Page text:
# Mini-Split Sizing Based on Historical Energy Use

| Posted in Mechanicals on

I’m looking to install a pair of Mini-Splits to heat a 1550 sq ft bungalow with finished walkout basement.   It’s 1968 construction.  I am getting a variety of size proposals and  I ran loadcalc.net, none of these values seem to align.

Currently we heat with mostly with two gas inserts (about 35kBTU each), one per floor but the primary heating is electric BB (27kW total capacity) which don’t get much use.

The space on both floors is largely open with a couple of bedrooms that we like cool in the winter and don’t use the BB.  Circulation is by convection through all spaces, i.e. no forced circulation other than the fireplace fans.

My question is how useful are historical energy consumption (combined gas and electricity) at sizing new mini splits.  For example, I used an average of 19kBTU/hr (equivalent) continuous energy in the coldest winter month.   Is this useful in sizing a mini split max capacity and how would I do that?

Any insights will be appreciated.

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### Replies

1. Expert Member
| | #1

Historical usage should give you an accurate picture.

By convention, it is assumed that heat load runs linearly with outside temperature. So if inside is at 70F and you need X at 50F (20F difference) , at 30F (40F difference) you'll need 2X and at 10F (60F difference) you'll need 3X.

So if you have the daily high and low temperatures for that month when you averaged 19K BTU/hr you can calculate what the average temperature was. Heating systems are normally sized for the 99th percentile temperature, so you need to find what that is for where you live. Then extrapolate the observed usage and average temperature to the 99th percentile temperature.

2. Expert Member
| | #2
3. | | #3

Thanks for the replies. I did run two calculations using estimates of NG and E used for heating. I established a base use using the summer months which were very even for 2020 and 2021. We're on lake Ontario and don't use AC so I think that's pretty accurate. Subtracting the assumed base and fireplace insert losses from the NG and E usage for Feb and March in 2020 and 2021 (when I have actual instead of estimated NG bills) and the HDD65 data for the same periods, the calculated design loads are within 12%. NG use is about 85% of heat energy used with the rest from electric BB. I'm pretty comfortable with this result. The highest 99% design (-7f) comes out at about 34kBTU, much lower than what I was being quoted. I'm not decommissioning any of the existing heat sources so extreme lows are not a worry. Thanks again for the support, much appreciated.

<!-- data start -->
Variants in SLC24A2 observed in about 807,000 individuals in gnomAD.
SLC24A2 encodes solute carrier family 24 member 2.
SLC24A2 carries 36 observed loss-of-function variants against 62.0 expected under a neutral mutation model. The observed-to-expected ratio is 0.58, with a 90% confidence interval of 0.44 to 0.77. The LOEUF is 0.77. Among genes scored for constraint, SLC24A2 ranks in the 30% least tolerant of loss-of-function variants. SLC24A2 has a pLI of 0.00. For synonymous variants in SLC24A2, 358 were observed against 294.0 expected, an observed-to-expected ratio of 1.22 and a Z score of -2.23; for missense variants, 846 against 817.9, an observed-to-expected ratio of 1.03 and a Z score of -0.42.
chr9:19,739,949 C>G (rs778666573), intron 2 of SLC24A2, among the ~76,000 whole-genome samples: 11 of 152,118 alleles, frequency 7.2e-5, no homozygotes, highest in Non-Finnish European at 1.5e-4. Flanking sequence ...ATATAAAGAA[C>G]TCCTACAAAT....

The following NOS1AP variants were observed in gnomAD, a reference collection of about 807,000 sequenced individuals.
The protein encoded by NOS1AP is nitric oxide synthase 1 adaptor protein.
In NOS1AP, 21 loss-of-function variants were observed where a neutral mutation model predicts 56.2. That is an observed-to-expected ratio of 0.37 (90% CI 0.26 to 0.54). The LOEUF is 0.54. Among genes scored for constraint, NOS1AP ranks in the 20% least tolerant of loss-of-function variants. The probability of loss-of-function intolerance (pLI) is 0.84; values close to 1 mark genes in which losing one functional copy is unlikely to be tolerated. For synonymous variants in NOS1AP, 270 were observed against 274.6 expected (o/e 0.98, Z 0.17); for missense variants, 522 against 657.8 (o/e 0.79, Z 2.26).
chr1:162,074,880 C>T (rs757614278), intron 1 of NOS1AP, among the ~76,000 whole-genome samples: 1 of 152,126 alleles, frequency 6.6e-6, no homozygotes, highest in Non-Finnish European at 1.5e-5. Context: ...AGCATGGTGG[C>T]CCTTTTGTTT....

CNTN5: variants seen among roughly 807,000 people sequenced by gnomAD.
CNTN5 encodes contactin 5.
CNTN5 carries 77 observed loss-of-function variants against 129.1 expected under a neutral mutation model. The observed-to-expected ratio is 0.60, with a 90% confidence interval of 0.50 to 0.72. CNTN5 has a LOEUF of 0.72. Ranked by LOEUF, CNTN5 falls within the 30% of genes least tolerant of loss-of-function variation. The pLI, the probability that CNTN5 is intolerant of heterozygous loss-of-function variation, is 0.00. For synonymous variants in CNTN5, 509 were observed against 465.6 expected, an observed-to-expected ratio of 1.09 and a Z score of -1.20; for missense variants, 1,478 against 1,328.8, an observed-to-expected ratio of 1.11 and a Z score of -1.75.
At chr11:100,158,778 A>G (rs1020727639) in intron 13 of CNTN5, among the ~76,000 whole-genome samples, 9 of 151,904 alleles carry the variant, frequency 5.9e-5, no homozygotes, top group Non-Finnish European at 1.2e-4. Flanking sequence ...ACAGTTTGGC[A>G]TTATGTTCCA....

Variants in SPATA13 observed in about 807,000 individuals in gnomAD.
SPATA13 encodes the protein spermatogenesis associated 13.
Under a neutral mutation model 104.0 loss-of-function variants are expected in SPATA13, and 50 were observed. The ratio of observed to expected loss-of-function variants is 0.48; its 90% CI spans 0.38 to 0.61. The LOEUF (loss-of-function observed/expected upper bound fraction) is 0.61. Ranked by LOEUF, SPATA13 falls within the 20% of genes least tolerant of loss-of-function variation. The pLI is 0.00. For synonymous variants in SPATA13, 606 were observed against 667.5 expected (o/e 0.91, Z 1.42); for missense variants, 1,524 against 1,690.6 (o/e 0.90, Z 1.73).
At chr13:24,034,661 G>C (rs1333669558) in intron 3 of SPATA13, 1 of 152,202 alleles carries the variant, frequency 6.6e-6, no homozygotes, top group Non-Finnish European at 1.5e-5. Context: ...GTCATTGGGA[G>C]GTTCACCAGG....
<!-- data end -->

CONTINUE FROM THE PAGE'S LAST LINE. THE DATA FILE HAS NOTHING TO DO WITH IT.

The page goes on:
4. | | #4

> I'm not decommissioning any of the existing heat sources

Then you could omit or reduce the 1.4x multiplier (see link in #2 above).

1. | | #5

Yes, that's my plan, thanks for the confirmation.

5. | | #6

Follow up: I used a couple calculators, one from Fujitsu, the other loadcalc.net. My fuel usage calculation method comes up to about 75% of the calculated load (at -5f about 60kBTU vs 47kBTU). I've double checked the fuel use and HDD data so I'm still confident in those numbers. There of course some assumptions in both methods, but far fewer in the fuel based calc, primarily the efficiency of my gas inserts and hot water down the drain.

My question: Assuming my data is correct, should I take the fuel use numbers as the most accurate of the two methods?

Thanks again - this is a great site

1. Expert Member
| | #7

Since fuel use gives you actual real world building load, as long as you have done the math correctly, it is the more accurate estimate.

P.S. With a 1500sqft bungalow with a 35K heat load at your design temperature, there is a lot of low hanging fruit for energy savings. Some blower door directed air sealing would be a good investment.

6. | | #8

> most accurate of the two methods?

Is your fuel use calc with or without the 1.4x multiplier? 25% low is about right for the difference between "design day load" and "Man J load" (with margins for colder than design day, etc). With supplemental heat to cover the difference, you can use either.

7. | | #9

I had a few corrections to loadcalc and now get much closer results. No multiplier in effect as I have backup heat in place.

The house is 1500 sqft, but it's 3000 sqft with the walkout included. Both upstairs and down have a 50' wall of mostly glass (like 90%) and the basement floor is uninsulated from 1968 construction. I'm sure I can improve on infiltration around doors, but the windows are newish and pretty tight.

Of the 1500 sq feet on each level about 1000sq ft is open concept.

I'm looking at a Mits 4C36k H2i pump with 3 heads (18,18,6)to meet the 99% (-7f) design. 18k in each open area + a 6k head in the master bedroom, on which we rarely close the door.

8. | | #10

Thanks for this information!

9. | | #11

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